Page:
Someone, somewhere, must have written about the following aspect of Invasion of the Body Snatchers. It is a big world out there and considering how many nerds/geeks have access to computers it’s almost inconceivable that no one walked this path before. Still, I don’t remember reading anything of the sort. There are two reasons for that. First – I rarely read anything about movies I watch; second – many authors have sided with usual approach to Don Siegel’s movie, the one that contextualizes events of the movie within the framework of Cold War and McCarthy’s Which Hunt. This reading is appealing, especially in the light of later Siegel’s movies all of which can be called reactionary at the least. However appealing, I find little or no interest in it. If only because it has been done and overdone and I don’t think that I can add anything to that particular type of discourse. There are aspects that are still worth checking out. McCarthy or not. Siegel’s movie is a true classic that transcends the boundaries of particular time and space.
Anyhow, to think about Invasion of the Body Snatchers outside the usual box one has to think within a framework of science fiction and about particular set of problems that SF usually deals with. To simplify, we might say that Invasion of the Body Snatchers deals with the utopia. To complicate it a bit we have to deal with problems of episteme (trotting along these lines we find out that Invasion of the Body Snatchers is prime example of anti-science “movement” of the 50s which featured heavily in tons of B-flicks produced during that time). What is happening in the movie? We have a “space-travelling” life-form, exact nature of which we can’t quite fathom because the movie never concerns itself with it at length. All we can say for sure is that it follows the routine of every life-form we know of – the routine of reproduction and survival. Like any biological life-form it’s rather mechanistic about it and no one could really call it a great strategist. Its approach is simple and effective, it has its natural pattern and it knows no need beside those. For our purposes we’ll call it the ratio-seeds. We’ll call it that because all our space faring “plant” does is über-rationalizes human behavior, integrating every individual into a perfect, universal machine intent on reproduction and survival. Our space-plant prefers Apollo instead of Dionysius.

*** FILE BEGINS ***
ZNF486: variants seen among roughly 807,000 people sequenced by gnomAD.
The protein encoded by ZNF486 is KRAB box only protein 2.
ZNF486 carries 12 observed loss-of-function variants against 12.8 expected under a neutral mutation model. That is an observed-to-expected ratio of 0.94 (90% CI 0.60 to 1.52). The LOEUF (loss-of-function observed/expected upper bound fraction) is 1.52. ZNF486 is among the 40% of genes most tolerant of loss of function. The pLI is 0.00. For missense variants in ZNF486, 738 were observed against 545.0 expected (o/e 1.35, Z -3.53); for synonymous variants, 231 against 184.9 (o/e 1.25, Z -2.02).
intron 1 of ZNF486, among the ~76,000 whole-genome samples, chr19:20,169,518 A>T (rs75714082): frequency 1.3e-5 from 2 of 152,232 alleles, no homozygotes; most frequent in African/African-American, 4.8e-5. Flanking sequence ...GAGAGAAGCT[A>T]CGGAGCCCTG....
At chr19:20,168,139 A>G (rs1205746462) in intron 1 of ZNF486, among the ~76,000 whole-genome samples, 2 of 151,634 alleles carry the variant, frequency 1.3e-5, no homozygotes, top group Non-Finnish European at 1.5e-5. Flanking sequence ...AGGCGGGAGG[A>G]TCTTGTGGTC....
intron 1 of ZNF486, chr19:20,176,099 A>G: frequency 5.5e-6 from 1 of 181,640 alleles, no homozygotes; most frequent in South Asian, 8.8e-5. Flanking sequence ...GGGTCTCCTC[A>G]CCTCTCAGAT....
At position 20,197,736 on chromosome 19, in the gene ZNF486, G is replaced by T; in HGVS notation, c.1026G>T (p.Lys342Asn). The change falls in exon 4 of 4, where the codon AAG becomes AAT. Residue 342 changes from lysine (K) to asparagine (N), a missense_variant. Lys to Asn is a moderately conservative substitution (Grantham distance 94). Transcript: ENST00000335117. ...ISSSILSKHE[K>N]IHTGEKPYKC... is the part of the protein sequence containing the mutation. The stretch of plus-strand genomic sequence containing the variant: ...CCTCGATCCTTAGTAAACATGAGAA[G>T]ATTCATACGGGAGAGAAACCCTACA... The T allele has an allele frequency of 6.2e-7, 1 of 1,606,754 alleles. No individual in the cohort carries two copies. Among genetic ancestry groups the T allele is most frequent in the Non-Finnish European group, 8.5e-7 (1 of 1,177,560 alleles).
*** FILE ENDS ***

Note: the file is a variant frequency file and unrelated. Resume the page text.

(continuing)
Hero of this narrative is something like a science-man (one wonders why he wasn’t a priest). He knows this rational drive, he knows the advantages of pattern-recognition and structural-empirical world view and so on. He is still reluctant to let go of an individual. In his mind, Dionysius is necessary for a true progress. The Bomb that went off decade earlier is the main argument for the cause. While destructive, the passion (with all it implies) is both the show-stopper and initiator. Being human means not being a machine. To refute Darwinian nature is the main task of a civilized American man. Being purely mechanistic in nature, our ratio-seeds fail to think in the long run (though we can safely assume that this was the script-writer’s fuck-up). In the event of successful transmutation of every Earth-citizen, eventually resources would have been depleted and new need for migration would appear. Unfortunately, there would be no means for migration left. New inventions, required for the “colonization” of planets outside the Solar system, require a passionate mind which by then would have been obliterated. Eventually, transmuted humans would have died in where they appeared. Not a great reproduction strategy as it happens.
So, it is only by combining both sides of the human-coin that true progress, true education and true utopia can be achieved. Don Siegel (or our good doctor if you like it better) fails to address many problems that stem from this particular ideology but talking about that would lead us not so much astray as in a long rant. We should conclude this short exposé instead. It seems that “unnecessary” focus on anti-Communist propaganda did obscure the central point which makes this movie relevant after six decades. It was never about (American) individual vs. (Soviet) collective. It was always about passion vs. intellect. Dionysius vs. Apollo. Nietzsche vs. Plato. In this day and age it would be creationism vs. evolutionism but no one likes to think about seminal movie of the 50s advocating something crazy like creationism. Invasion of the Body Snatchers is much more than a propaganda but it plays dangerously just on the edge of the metaphorical blade. Few times it tips over but it always manages to pick itself up and do the routine once again.
|Directed by||Don Siegel|
|Produced by||Walter Wanger|
|Screenplay by||Daniel Mainwaring|
|Based on||The Body Snatchers by
|Music by||Carmen Dragon|
|Edited by||Robert S. Eisen|
|Distributed by||Allied Artists Pictures Corporation|